Posted by henk hamoen on March 26, 2012
We like to blog about how technology changes our lives and will continue to do so. And, it is exciting to see Synopsys leading the semiconductor industry and pioneering new solutions.
For many years System on Chip (SoC) integrators have faced the challenge of packing more and more features into their designs, of course using fewer resources and within a shorter time frame. Synopsys has lead the way offering a broad range of SoC IP cores. We are now taking the next step with the introduction of the Industry’s First Complete Audio IP Subsystem that enables designers to cope with the continued increase in SoC design and audio complexity.
Talking with customers we found that what really drives system complexity is software. There is a lot of software in SoCs today, and the amount is growing. This is increasing the design task and in many ways making the hardware IP implementation almost easy by comparison. Of course, all of this software has to be integrated into the applications software that is running on the host-processor, and then everything has to be verified. From the chart below you can see that the number of IP blocks per SoC is growing rapidly, and will continue to do so. What the chart doesn’t tell you is that the amount of software required to support all of these IP blocks is growing even faster. Certainly, the number of IP blocks in SoCs has lead to a lot of discussion in the press about subsystems. What you don’t often see is the real motivator behind the trend to subsystems, and that is software and the integration of the software to make an SoC. A subsystem is more than IP cores and has to include the full software solution, or it will be of limited value.
We have developed the SoundWave Audio Subsystem in response to customer requests and the changing conditions that we see in the IP market. The SoundWave Subsystem is a complete audio subsystem solution. It includes all of the hardware IP blocks and all of the software that is needed to implement a broad range of audio solutions for SoCs.
The hardware IP includes: 32-bit ARC audio processors, digital I2S and S/PDIF interfaces for off-chip audio connections as well as high-bandwidth on-chip connections to interfaces like HDMI. ARM® AMBA® 3 AXI™/AHB protocol system interfaces ease integration into the SoC infrastructure. Analog audio codecs provide high-quality audio connections for line inputs and outputs, microphones, loud speakers and headphones. An easy-to-use configuration tool allows designers to quickly select options such as number of channels and number of audio interfaces, enabling a complete audio subsystem to be configured in hours instead of weeks if done manually.
The software included with the SoundWave Audio Subsystem is a complete, ready-to-use environment including an integrated media streaming framework, an RTOS, a broad portfolio of codecs and post-processing components, and a plug-in to the host application software. This is a complete software stack that includes everything that is needed to create great audio solutions for SoCs. The software is fully integrated with the hardware, it is configurable, and it is verified. We also have support for virtual and FPGA prototyping to make the software integration easier.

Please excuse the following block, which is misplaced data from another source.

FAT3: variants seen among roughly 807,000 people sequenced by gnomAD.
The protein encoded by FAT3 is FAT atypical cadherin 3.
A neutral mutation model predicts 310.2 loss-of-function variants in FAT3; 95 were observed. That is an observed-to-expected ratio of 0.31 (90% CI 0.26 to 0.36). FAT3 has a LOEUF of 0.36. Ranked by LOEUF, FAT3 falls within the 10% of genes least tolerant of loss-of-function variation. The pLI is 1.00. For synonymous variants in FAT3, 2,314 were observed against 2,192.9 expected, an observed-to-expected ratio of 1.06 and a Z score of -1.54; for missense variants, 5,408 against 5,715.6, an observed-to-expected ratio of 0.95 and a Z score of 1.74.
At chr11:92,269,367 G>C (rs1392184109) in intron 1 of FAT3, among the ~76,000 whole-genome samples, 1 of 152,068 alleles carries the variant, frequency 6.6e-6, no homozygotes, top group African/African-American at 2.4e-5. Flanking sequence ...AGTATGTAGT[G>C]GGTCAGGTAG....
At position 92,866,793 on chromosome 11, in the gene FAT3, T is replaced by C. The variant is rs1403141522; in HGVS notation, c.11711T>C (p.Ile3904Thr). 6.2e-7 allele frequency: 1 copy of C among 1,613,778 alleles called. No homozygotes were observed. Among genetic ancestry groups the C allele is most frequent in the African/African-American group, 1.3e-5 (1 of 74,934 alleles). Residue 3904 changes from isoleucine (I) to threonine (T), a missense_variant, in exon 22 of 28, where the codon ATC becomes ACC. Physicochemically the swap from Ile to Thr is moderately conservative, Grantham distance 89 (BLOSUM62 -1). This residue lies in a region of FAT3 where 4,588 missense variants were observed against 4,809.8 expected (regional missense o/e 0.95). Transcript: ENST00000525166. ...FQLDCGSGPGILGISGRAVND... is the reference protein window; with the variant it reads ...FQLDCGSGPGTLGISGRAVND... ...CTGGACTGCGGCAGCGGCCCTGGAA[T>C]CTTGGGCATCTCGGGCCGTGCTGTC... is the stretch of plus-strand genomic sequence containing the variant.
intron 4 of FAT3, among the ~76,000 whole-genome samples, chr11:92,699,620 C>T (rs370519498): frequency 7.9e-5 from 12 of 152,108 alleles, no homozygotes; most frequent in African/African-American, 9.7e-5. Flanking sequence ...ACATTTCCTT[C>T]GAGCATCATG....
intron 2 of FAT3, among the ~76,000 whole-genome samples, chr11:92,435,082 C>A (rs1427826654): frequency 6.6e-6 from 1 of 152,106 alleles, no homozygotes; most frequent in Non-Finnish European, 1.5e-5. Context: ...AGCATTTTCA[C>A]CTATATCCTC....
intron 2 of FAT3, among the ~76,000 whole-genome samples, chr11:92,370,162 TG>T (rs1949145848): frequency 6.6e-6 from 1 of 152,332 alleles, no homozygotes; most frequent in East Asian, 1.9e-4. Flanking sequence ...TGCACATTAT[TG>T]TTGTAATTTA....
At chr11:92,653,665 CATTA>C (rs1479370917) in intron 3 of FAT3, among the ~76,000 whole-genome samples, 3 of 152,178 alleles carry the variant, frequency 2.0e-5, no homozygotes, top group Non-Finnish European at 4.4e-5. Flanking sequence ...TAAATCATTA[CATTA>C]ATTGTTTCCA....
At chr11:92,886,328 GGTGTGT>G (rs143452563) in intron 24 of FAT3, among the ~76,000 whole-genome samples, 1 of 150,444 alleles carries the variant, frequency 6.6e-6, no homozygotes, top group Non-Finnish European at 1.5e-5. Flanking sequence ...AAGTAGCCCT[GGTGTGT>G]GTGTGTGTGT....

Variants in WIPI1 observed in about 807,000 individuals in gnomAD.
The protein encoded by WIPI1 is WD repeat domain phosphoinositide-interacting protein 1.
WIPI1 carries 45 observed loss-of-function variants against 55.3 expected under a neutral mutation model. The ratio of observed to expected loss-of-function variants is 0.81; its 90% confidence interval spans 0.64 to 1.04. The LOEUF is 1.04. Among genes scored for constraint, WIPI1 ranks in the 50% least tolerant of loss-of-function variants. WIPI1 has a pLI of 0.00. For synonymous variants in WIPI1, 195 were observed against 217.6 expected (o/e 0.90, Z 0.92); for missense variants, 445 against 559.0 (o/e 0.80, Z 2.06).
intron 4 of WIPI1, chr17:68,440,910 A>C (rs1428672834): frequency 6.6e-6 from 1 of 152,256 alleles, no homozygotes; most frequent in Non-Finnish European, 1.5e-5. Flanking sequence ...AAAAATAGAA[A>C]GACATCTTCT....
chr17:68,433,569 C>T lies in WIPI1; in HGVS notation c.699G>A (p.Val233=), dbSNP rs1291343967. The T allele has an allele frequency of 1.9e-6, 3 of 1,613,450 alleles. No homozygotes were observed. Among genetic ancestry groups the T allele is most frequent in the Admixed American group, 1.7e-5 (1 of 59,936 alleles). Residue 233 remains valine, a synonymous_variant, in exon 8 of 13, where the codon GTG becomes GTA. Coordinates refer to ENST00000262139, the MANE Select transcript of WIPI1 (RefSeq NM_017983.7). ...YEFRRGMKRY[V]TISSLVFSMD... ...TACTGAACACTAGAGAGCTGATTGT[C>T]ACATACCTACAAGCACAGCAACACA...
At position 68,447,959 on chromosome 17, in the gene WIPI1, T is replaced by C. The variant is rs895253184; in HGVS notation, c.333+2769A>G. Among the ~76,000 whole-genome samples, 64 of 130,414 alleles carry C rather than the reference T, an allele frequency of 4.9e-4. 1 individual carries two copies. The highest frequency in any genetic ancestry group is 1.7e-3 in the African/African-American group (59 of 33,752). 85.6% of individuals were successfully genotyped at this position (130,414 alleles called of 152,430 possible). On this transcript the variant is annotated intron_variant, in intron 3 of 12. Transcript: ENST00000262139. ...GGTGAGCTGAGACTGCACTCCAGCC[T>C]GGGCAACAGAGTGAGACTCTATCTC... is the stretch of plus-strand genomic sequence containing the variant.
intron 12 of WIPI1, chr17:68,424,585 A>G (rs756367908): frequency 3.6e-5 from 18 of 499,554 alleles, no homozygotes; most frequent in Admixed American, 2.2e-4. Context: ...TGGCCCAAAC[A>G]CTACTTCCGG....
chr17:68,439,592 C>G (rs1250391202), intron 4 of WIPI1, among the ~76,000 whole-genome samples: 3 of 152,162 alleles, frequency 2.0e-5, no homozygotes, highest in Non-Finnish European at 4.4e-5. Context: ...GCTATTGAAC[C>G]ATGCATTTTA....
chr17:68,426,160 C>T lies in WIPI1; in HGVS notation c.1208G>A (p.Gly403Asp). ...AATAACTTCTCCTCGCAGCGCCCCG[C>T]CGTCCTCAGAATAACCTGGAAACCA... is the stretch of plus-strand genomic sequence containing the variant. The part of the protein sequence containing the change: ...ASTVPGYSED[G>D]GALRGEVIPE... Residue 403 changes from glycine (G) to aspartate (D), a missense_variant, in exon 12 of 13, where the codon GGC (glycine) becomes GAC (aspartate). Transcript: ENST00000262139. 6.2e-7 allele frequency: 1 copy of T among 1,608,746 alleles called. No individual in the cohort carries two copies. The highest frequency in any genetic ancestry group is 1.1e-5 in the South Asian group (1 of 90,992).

The SoundWave Audio Subsystem is the first complete subsystem (hardware, software, prototyping) to be offered by any company. All of the hardware and all of the software needed to implement a broad range of audio solutions for SoCs is included and ready to use. With the release of the SoundWave Subsystem Synopsys is leading the way and defining what a subsystem is for the market.
At the age of 10 Mike begged his father to get him a computer. Never mind that at the time computers were the size of a large office and cost millions of dollars. Yes, Mike is no spring chicken and he didn’t get the computer, although his father did give him an abacus telling him that it would enable him to use the computer that he already had between his ears, which was not appreciated. Whether it was due to the trauma that resulted from using an abacus or just Mike’s love of anything electronic he has spent the last 30 years or so designing, building, and programming computers, microprocessors, and microcontrollers and developing applications that run on them. And his fascination continues with the definition of new processors and architectures in his search for the holy grail of computing: infinite performance at zero power consumption. Statistically speaking he is convinced it is just a matter of time.
Allen started in the ‘semiconductor IP industry’ before it was called the ‘semiconductor IP industry’. Back then, it was about ‘megafunctions’, ‘megablocks’ or MegaMacros™ (as trademarked by the pioneering UK IP company Allen was with… no, not that UK company). The biggest of these ‘mega’ things was an 8051! Today, of course, IP blocks are much larger and much more complex. And, it’s about the software, as well as the hardware. It’s also about working with a set of partners, sometimes called an ecosystem or community. Allen has been doing that for many years and is enjoying working with old and new friends on the ARC processor ecosystem.